Immigration climbing and crime falling in Regina

Blog, Immigration, Steve Lafleur

The Leader-Post reported today that there were 1000 less criminal offenses committed during the first six months of this year compared to the same period last year. Violent crime is down 10%, and property crime has dropped by 14%. Despite the fact that Regina has the highest crime rate in the country, crime has been dropping since 1991.

The declining crime rate is especially interesting given that immigration to the city is at its highest level in recent memory. Only 668 immigrants came to Regina in 2000. In 2010, that number was 2567. Many opponents of immigration believe that taking in more immigrants leads to more crime. The number suggest otherwise.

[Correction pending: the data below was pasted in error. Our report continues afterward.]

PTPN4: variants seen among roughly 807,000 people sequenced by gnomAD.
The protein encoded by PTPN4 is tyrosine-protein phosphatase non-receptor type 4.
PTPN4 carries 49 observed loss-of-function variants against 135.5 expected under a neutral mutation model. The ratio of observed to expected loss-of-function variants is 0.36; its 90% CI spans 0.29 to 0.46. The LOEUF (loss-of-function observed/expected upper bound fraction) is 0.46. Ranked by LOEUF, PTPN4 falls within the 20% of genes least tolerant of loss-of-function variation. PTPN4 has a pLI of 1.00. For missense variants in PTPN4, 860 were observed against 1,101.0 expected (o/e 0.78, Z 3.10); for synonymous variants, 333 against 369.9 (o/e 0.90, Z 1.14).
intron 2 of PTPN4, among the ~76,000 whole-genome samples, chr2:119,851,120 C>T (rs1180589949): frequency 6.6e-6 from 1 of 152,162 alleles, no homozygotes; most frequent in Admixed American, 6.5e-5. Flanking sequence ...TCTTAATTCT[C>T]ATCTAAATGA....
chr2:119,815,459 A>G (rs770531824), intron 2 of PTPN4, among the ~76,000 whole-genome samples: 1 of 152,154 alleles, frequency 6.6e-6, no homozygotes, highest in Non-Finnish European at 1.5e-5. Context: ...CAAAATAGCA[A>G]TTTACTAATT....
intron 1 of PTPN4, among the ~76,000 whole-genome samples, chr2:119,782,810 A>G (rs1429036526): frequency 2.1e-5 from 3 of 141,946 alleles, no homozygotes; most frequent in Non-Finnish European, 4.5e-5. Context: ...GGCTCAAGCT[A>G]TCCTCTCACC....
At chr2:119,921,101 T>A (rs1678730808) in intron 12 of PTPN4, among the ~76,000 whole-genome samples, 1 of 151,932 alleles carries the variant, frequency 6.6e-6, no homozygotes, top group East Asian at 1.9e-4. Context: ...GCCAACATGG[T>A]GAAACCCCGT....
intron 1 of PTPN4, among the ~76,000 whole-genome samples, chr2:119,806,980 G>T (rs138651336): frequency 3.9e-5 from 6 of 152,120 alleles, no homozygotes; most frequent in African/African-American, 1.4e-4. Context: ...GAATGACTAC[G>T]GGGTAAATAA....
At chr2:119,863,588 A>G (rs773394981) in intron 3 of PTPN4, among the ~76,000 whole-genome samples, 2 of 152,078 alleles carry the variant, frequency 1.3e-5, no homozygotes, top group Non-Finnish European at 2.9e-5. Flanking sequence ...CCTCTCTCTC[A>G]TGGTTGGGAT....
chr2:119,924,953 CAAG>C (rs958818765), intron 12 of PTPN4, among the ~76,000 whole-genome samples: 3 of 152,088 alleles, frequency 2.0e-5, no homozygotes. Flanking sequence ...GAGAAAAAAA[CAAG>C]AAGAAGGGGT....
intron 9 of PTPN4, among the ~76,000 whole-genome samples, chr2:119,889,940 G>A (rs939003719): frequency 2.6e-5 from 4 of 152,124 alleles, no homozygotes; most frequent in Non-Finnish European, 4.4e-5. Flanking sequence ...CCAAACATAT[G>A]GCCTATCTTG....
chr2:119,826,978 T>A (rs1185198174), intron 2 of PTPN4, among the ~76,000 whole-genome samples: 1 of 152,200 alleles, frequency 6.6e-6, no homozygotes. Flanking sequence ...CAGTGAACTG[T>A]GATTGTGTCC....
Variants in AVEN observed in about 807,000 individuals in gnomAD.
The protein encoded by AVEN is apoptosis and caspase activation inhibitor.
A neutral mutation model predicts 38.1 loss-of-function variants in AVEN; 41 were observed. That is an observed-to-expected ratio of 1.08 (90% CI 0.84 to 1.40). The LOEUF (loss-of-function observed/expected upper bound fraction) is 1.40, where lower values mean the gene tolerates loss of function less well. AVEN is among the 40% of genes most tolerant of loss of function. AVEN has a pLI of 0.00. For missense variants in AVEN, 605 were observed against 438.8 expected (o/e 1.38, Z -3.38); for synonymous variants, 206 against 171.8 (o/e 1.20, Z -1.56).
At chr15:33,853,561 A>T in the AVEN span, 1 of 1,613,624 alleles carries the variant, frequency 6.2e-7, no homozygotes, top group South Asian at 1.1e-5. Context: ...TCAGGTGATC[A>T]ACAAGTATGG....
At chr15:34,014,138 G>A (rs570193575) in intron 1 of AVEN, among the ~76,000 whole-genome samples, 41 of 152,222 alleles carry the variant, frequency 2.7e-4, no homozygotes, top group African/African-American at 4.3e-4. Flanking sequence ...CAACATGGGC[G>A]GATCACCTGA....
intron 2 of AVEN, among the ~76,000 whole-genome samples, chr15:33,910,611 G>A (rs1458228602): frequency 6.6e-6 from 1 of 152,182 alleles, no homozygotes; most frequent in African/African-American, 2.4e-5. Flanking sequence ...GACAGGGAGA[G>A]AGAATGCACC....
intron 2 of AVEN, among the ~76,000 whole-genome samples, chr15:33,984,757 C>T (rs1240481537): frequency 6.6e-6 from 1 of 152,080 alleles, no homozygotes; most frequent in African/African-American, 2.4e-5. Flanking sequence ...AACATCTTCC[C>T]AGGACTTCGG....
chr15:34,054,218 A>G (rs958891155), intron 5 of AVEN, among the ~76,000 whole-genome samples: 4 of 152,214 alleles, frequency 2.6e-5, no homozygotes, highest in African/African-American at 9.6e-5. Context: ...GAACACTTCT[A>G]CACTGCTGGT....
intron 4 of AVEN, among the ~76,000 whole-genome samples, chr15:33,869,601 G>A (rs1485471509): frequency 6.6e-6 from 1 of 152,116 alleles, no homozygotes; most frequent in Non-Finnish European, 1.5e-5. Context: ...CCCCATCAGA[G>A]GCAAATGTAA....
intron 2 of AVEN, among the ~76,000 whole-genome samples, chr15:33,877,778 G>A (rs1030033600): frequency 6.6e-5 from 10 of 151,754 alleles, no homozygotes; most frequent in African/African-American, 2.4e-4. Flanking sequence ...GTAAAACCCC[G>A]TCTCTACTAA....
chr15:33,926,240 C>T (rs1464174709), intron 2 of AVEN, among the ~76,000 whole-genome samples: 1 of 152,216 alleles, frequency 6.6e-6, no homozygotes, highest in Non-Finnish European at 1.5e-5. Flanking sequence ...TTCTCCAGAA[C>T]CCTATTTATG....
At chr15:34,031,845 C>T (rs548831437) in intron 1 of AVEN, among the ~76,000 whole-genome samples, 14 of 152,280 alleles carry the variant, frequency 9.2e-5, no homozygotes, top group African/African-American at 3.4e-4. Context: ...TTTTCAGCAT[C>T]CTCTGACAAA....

While the decline likely has very little to do with immigration at all, there are a couple of ways that it may be making modest contributions to crime reduction.

First, immigrants are statistically less likely to commit crimes than non-immigrants. This is true both of immigrants to Canada, and immigrants to the United States. So statistically, immigrants should water down the crime rate.

Second, more people on the streets make it harder for criminals to operate. As Jane Jacobs pointed out long ago, having ‘eyes on the street’ keeps neighbourhoods safe. Since downtown Regina is pretty sparsely populated, increasing the number of people who frequent downtown is bound to make some criminals think twice before breaking the law.

But even if those two factors have had a negligible impact on crime statistics, the coincidence of a declining crime rate and increased immigration helps to demonstrate that the old stereotype about immigration causing crime is just plain wrong.